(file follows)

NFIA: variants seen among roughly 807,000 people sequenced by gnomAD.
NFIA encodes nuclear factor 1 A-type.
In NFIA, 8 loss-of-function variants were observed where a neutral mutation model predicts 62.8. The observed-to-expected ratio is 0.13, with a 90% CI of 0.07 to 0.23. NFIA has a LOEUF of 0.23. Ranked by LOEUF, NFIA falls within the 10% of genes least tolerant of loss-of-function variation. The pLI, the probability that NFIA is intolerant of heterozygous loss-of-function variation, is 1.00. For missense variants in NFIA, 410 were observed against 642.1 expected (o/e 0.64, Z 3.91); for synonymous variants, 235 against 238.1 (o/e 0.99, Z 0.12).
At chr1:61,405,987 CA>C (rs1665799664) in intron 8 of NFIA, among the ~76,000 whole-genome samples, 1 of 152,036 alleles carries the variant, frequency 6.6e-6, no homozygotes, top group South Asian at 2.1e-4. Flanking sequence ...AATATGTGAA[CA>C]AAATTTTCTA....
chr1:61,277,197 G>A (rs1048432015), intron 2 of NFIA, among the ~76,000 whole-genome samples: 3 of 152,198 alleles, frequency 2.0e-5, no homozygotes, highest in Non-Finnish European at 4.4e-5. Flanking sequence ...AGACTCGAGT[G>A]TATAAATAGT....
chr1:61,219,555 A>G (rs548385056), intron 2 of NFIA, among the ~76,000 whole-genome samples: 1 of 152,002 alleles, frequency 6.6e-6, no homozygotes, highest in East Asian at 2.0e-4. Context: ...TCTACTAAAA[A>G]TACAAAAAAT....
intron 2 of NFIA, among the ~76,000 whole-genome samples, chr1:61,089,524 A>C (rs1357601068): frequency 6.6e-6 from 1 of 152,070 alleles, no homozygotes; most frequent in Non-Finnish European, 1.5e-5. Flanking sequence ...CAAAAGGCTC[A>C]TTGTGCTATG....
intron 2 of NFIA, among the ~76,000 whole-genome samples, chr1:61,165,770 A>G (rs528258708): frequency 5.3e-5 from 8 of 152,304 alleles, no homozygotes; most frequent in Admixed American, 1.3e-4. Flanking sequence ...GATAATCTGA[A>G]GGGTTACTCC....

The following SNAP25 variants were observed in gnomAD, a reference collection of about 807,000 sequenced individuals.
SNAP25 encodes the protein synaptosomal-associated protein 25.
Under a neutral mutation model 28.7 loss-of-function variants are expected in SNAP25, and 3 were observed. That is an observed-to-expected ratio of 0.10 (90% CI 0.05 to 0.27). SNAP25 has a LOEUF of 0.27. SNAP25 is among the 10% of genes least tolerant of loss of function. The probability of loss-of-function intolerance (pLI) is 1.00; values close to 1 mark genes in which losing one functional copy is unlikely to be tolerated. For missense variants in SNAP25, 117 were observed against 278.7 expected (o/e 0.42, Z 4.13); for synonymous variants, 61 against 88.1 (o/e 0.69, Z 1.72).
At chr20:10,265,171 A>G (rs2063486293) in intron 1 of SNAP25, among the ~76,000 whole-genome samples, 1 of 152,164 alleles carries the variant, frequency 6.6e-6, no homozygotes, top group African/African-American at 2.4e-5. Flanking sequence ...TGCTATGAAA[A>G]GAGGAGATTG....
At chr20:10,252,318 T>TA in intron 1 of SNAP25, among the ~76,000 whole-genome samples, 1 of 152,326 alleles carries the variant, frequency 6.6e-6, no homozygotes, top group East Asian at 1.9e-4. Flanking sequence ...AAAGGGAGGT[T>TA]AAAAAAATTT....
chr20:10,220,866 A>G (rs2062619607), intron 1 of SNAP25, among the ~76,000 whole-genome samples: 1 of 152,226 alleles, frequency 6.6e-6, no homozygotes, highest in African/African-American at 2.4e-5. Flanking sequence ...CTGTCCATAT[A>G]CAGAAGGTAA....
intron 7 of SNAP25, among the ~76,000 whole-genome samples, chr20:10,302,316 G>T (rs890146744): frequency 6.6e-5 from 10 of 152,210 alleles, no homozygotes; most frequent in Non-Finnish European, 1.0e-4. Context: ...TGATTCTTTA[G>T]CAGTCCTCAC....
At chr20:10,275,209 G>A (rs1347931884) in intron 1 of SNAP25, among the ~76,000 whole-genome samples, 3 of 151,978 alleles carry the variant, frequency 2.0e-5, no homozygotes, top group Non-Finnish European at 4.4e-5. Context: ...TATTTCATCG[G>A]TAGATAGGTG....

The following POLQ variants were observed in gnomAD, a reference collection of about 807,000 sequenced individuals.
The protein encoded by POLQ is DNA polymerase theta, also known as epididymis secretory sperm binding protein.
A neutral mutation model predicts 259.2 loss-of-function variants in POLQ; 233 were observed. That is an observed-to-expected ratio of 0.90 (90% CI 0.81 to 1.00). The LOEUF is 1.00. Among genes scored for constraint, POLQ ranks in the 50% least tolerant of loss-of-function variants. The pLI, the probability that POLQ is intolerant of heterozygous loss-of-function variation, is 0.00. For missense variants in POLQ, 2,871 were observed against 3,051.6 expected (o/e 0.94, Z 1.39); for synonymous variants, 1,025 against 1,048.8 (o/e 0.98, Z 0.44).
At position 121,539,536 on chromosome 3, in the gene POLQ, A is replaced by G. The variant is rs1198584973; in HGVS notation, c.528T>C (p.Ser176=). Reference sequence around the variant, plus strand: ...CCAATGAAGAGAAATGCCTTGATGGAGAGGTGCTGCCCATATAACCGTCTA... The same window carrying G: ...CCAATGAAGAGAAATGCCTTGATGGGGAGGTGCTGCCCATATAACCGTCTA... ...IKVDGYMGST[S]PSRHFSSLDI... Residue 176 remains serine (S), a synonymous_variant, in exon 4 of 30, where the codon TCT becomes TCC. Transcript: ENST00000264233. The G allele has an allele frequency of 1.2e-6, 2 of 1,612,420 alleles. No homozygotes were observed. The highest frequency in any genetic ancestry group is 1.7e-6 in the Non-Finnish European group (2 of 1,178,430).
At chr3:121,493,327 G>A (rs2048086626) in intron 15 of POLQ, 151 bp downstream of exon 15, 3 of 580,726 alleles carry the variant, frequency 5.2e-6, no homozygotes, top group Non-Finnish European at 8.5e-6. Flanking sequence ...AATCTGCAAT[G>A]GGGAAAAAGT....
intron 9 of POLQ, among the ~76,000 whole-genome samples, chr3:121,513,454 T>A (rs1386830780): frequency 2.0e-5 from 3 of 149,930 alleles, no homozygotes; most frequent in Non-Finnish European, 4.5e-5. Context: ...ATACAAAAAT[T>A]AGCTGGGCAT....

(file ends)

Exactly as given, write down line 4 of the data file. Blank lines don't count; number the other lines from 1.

At chr1:61,405,987 CA>C (rs1665799664) in intron 8 of NFIA, among the ~76,000 whole-genome samples, 1 of 152,036 alleles carries the variant, frequency 6.6e-6, no homozygotes, top group South Asian at 2.1e-4. Flanking sequence ...AATATGTGAA[CA>C]AAATTTTCTA....